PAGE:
new priest is supervising the process of stuffing his life into a removal van in preparation for moving here. I know this because of Facebook - I even know that he began feeding the removers cups of tea at an early hour. Good old Facebook, and good old Blogger: we get to know people we've only spoken to for five minutes.
But do we? There is the comforting recognition of shared interests, of course, not the least being an interest in Web 2.0 communication. But despite this, there is a feeling of anticipation that is at once joyful and apprehensive. For a church does not stay alive for a year without a great deal of work from the congregation, people who have had to sublimate their various antipathies in the interests of the common good, people who have had to step far out of their comfort zones, Marys who have turned into Marthas and vice-versa.
The arrival of a new priest should not, of course, mean that all cooperation and hard work ceases forthwith while we all revert to tearing each other's hair out. But there is this sense of handing over the authority to make decisions from a group to one person whom at the moment we barely know. I've been trying to find analogies - is it like when you send your four-year-old to school for the first time? Or when your kids leave home? For this church is ours - maybe more ours than it's been in all the 36 years I've worshipped here. We've made huge decisions about rot and repairs, we've made huge efforts over money and our future, we've held our breath to know if someone would be appointed here or if we'd be stuck with visiting clergy (lovely, but not the same) for ever. And yes, we've felt ownership.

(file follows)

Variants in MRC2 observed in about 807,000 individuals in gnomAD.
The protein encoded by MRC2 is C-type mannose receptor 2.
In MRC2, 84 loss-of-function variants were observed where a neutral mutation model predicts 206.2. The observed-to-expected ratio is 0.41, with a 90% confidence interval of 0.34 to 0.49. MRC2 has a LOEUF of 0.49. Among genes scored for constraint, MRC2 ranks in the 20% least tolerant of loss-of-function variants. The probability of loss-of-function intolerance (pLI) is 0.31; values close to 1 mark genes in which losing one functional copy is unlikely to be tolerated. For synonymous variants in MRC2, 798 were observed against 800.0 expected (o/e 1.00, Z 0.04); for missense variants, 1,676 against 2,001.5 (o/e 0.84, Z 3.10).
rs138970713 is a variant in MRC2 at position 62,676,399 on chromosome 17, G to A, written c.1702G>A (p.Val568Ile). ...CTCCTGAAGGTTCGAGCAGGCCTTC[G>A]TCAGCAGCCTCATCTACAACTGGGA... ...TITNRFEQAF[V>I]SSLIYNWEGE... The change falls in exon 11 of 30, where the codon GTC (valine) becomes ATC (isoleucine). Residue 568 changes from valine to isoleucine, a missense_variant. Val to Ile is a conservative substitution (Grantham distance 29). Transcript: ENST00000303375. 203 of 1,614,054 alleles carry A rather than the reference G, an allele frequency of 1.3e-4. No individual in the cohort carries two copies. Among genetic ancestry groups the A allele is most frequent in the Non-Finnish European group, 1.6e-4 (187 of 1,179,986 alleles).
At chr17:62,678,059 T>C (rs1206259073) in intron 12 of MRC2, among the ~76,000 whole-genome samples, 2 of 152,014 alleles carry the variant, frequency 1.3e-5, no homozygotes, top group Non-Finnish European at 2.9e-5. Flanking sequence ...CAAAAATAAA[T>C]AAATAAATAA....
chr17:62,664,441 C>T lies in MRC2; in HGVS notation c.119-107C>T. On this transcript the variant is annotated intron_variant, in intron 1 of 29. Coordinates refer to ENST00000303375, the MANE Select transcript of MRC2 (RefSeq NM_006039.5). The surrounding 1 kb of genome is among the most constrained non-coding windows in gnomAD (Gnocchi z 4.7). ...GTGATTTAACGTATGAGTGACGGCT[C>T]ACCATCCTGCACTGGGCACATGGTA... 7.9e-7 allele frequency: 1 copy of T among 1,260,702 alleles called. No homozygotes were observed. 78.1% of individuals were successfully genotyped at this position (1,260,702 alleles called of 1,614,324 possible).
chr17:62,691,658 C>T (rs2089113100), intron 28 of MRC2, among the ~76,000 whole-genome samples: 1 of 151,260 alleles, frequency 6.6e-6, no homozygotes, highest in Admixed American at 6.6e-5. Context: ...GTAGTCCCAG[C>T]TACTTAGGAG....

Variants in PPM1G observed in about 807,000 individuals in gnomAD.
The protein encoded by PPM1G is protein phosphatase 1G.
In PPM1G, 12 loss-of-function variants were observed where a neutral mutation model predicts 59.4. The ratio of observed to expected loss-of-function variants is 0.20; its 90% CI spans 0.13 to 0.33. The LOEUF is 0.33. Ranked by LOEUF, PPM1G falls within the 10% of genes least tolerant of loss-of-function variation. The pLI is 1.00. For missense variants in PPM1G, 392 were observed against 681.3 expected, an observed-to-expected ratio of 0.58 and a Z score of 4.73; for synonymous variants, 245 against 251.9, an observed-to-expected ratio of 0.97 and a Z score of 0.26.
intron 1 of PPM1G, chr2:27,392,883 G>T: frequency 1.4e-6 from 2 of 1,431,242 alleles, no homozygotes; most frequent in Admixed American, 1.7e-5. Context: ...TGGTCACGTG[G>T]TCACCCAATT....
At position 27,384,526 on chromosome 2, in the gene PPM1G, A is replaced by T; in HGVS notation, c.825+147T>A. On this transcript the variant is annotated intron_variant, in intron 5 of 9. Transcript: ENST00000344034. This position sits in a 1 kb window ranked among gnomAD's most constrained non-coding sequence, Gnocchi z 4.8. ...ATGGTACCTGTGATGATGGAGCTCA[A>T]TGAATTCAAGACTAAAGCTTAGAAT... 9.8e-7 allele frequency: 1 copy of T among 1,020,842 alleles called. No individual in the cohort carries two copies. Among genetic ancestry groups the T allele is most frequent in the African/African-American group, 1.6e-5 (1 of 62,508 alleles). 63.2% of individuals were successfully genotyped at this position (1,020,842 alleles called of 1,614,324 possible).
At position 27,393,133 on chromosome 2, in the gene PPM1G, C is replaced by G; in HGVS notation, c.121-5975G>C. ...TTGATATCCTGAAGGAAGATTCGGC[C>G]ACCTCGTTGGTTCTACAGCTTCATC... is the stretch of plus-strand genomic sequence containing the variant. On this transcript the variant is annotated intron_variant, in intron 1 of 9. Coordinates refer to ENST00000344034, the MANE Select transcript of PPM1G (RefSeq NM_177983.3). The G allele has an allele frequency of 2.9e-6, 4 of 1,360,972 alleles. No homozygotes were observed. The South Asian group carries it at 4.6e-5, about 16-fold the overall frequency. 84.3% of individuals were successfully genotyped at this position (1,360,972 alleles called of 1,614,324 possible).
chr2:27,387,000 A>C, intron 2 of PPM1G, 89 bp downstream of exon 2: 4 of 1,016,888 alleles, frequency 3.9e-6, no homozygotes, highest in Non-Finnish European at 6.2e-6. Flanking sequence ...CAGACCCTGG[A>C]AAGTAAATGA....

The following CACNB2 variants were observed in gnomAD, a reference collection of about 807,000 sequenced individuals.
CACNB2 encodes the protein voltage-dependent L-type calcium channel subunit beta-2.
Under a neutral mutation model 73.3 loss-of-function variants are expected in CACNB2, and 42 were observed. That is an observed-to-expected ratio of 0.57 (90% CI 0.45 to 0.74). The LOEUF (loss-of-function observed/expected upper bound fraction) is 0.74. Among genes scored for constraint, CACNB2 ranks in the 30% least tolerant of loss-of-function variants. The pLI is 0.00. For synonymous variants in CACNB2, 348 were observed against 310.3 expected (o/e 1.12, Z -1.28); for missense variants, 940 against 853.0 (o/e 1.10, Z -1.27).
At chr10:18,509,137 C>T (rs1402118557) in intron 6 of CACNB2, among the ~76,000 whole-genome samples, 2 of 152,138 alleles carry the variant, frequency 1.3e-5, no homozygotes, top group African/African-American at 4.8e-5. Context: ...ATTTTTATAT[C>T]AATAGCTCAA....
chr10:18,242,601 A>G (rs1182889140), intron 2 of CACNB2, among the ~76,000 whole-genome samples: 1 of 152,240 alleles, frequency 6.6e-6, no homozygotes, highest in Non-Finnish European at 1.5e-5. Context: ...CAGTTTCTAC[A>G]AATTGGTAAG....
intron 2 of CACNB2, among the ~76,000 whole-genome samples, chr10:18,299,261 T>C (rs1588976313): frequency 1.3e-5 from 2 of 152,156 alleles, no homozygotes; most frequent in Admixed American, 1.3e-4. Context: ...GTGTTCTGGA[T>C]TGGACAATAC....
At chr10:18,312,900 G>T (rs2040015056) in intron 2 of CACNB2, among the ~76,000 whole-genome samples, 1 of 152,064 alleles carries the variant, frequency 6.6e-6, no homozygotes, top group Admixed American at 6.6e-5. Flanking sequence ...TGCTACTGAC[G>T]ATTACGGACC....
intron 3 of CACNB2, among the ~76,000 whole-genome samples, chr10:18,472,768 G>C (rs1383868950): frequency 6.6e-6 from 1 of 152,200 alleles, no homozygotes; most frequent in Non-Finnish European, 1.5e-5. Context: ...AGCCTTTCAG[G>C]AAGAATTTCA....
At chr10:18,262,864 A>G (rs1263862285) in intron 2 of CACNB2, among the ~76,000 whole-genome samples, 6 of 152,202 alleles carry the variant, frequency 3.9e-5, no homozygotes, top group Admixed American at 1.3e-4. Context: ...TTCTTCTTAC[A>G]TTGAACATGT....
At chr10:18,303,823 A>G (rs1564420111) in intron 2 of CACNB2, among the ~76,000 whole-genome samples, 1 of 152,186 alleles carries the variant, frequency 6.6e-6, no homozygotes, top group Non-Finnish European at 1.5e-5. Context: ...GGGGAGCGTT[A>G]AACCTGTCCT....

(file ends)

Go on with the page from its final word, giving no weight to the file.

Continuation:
A new priest arrives with so much hope invested in them (I'm using this neutral if sloppy pronoun on purpose) - for growth, for care of souls, for care of our tired spirits. It is that hope which renders us all - priest and people alike - vulnerable as the four-year-old I postulated earlier. No wonder there are nerves on both sides of the equation.
Meanwhile, however, the future looks bright; the Rectory is in better nick than it's been in the whole of my time here and maybe ever (double glazing, for a start), and there's going to be a family living in it. So here's to all of us - and if you're the praying type, spare us a prayer!